How students can help Florida recover from Hurricane Irma

Colin McCann

After Hurricane Irma moved up Florida last week, many people wish to donate or volunteer to help those struggling  get back on their feet. There are a number of volunteer opportunities, and according to Red Cross, the need for volunteers may stretch on for months.


The Federal Emergency Management Agency (FEMA) recognizes the need for thousands of volunteers. They encourage people who wish to help “not [to] self-deploy.” The agency tells people to work with state organizations, as well as local ones, in order to safely aid those in the recovery process.  FEMA warns that local authorities may turn individuals away, if they are not affiliated with an organization.

Volunteer Florida

To get involved, FEMA suggests going through Volunteer Florida. The organization, which according to FEMA is the “state’s lead agency for volunteerism and national service,” benefits people before disasters, as well as during and after them. Volunteer Florida offers opportunities for Red Cross shelter operations training, which prepares volunteers for serving at or managing shelters. In addition, to help the recovery process, anyone can register to volunteer or donate. The organization sends out resources and volunteers to shelters and relief organizations.

Gandhi still stands tall, despite the debris that litters the Peace Plaza. Photo by Ronnie Rodgers

American Red Cross

American Red Cross offers many ways a volunteer can help. According to the ARC, you can help at shelters, load trucks, hand out food, offer comfort, welcome additional volunteers and aid in setting up facilities.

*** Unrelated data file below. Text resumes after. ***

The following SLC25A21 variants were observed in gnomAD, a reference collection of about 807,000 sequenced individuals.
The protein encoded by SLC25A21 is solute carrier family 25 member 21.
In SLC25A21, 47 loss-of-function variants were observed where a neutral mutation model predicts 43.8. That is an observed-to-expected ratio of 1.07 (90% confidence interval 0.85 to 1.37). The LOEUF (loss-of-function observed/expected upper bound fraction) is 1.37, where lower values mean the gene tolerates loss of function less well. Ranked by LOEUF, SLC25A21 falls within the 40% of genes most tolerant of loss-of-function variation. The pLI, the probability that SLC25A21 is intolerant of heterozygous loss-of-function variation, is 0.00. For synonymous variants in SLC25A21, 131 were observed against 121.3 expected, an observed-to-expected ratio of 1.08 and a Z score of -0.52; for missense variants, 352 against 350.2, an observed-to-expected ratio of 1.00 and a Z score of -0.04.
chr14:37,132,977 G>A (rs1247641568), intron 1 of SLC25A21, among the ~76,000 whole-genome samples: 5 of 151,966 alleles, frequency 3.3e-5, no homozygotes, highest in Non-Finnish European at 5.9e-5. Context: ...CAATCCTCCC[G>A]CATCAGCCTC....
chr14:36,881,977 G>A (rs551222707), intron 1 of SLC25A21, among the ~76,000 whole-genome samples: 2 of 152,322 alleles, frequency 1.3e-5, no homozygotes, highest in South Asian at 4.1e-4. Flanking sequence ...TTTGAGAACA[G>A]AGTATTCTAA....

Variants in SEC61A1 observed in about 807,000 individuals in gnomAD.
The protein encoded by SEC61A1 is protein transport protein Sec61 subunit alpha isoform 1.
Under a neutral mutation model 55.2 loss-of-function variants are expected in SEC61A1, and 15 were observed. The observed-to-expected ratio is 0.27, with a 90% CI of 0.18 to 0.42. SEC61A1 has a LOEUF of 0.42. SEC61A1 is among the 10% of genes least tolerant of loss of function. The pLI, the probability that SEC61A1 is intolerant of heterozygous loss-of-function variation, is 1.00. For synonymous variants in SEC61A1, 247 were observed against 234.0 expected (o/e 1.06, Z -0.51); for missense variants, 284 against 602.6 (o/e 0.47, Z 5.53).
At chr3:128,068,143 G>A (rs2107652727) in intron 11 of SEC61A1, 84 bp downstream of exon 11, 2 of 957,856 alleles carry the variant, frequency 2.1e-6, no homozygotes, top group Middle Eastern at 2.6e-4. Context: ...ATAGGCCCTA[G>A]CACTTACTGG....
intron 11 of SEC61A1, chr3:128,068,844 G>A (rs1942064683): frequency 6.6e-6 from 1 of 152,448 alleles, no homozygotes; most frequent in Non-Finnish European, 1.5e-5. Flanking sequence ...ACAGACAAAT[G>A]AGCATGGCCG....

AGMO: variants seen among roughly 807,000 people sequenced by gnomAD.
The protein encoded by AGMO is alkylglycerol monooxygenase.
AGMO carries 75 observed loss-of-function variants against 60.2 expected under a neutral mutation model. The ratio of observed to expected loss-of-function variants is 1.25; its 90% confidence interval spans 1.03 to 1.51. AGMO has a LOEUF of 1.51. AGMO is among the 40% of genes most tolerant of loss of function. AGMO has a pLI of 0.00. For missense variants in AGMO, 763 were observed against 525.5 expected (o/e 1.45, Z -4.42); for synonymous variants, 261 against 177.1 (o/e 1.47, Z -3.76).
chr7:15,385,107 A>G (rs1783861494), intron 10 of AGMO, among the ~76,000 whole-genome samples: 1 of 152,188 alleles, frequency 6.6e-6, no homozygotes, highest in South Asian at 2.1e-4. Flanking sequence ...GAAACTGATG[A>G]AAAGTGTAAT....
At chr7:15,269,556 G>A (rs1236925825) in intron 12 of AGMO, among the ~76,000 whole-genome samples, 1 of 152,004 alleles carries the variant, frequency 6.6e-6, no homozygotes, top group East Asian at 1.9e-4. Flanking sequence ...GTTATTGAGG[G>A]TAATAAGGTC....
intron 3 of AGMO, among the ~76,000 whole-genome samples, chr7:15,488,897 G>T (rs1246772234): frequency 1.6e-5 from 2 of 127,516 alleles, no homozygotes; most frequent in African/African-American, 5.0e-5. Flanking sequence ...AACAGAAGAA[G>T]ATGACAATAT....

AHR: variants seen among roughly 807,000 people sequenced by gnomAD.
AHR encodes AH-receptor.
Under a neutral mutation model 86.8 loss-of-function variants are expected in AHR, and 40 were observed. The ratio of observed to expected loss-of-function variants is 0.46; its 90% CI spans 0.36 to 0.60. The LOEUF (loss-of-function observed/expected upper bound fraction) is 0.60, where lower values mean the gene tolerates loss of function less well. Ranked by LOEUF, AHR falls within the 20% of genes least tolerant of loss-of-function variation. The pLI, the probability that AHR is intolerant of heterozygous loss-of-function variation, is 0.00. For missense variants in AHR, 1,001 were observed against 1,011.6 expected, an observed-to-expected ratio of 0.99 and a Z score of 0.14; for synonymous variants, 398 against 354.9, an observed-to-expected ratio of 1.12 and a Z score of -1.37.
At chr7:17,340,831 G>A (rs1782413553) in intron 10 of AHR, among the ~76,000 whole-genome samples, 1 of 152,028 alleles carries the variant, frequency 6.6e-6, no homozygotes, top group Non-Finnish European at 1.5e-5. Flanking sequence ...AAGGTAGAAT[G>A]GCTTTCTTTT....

Specifically, they are seeking volunteers who can act as supervisors for assignments that can last up to 14 days.

Requirements to volunteer include being 16 years or older, being able to work at least 6 hour shifts and passing a background check.

If you can not volunteer, or you do not wish to, you can still help by donating.

Convoy of Hope

Convoy of Hope is a nonprofit organization that responds to disasters and poverty by supplying food, water and other materials that are necessary for recovery. As of September 15, in response to hurricane Irma, the group successfully served and sent resources to 19 cities across Florida, reaching almost 16,000 people. This was accomplished with 672 volunteer hours and the help of 168 volunteers. If you want to help, you can volunteer or donate to the cause.


For more information or news tips, or if you see an error in this story or have any compliments or concerns, contact [email protected].